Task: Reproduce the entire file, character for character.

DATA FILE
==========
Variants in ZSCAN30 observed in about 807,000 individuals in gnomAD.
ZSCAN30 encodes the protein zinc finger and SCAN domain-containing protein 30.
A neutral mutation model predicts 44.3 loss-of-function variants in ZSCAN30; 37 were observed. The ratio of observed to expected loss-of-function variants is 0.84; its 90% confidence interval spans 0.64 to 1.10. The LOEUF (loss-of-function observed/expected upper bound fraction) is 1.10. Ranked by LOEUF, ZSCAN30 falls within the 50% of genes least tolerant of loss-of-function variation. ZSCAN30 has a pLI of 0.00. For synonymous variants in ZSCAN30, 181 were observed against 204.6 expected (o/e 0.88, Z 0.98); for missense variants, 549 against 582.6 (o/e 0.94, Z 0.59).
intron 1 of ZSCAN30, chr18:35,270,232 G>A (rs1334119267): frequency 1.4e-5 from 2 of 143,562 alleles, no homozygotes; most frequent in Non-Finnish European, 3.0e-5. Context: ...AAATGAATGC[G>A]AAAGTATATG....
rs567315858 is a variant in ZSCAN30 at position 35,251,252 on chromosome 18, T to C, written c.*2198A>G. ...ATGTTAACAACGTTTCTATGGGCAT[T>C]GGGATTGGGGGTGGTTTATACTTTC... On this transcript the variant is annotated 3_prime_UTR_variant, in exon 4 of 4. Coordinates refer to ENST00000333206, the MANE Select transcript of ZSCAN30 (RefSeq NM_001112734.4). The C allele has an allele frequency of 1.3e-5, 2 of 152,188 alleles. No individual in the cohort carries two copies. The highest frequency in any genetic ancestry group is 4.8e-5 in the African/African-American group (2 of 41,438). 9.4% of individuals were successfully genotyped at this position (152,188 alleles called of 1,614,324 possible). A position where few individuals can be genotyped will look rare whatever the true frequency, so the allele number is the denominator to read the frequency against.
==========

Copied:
Variants in ZSCAN30 observed in about 807,000 individuals in gnomAD.
ZSCAN30 encodes the protein zinc finger and SCAN domain-containing protein 30.
A neutral mutation model predicts 44.3 loss-of-function variants in ZSCAN30; 37 were observed. The ratio of observed to expected loss-of-function variants is 0.84; its 90% confidence interval spans 0.64 to 1.10. The LOEUF (loss-of-function observed/expected upper bound fraction) is 1.10. Ranked by LOEUF, ZSCAN30 falls within the 50% of genes least tolerant of loss-of-function variation. ZSCAN30 has a pLI of 0.00. For synonymous variants in ZSCAN30, 181 were observed against 204.6 expected (o/e 0.88, Z 0.98); for missense variants, 549 against 582.6 (o/e 0.94, Z 0.59).
intron 1 of ZSCAN30, chr18:35,270,232 G>A (rs1334119267): frequency 1.4e-5 from 2 of 143,562 alleles, no homozygotes; most frequent in Non-Finnish European, 3.0e-5. Context: ...AAATGAATGC[G>A]AAAGTATATG....
rs567315858 is a variant in ZSCAN30 at position 35,251,252 on chromosome 18, T to C, written c.*2198A>G. ...ATGTTAACAACGTTTCTATGGGCAT[T>C]GGGATTGGGGGTGGTTTATACTTTC... On this transcript the variant is annotated 3_prime_UTR_variant, in exon 4 of 4. Coordinates refer to ENST00000333206, the MANE Select transcript of ZSCAN30 (RefSeq NM_001112734.4). The C allele has an allele frequency of 1.3e-5, 2 of 152,188 alleles. No individual in the cohort carries two copies. The highest frequency in any genetic ancestry group is 4.8e-5 in the African/African-American group (2 of 41,438). 9.4% of individuals were successfully genotyped at this position (152,188 alleles called of 1,614,324 possible). A position where few individuals can be genotyped will look rare whatever the true frequency, so the allele number is the denominator to read the frequency against.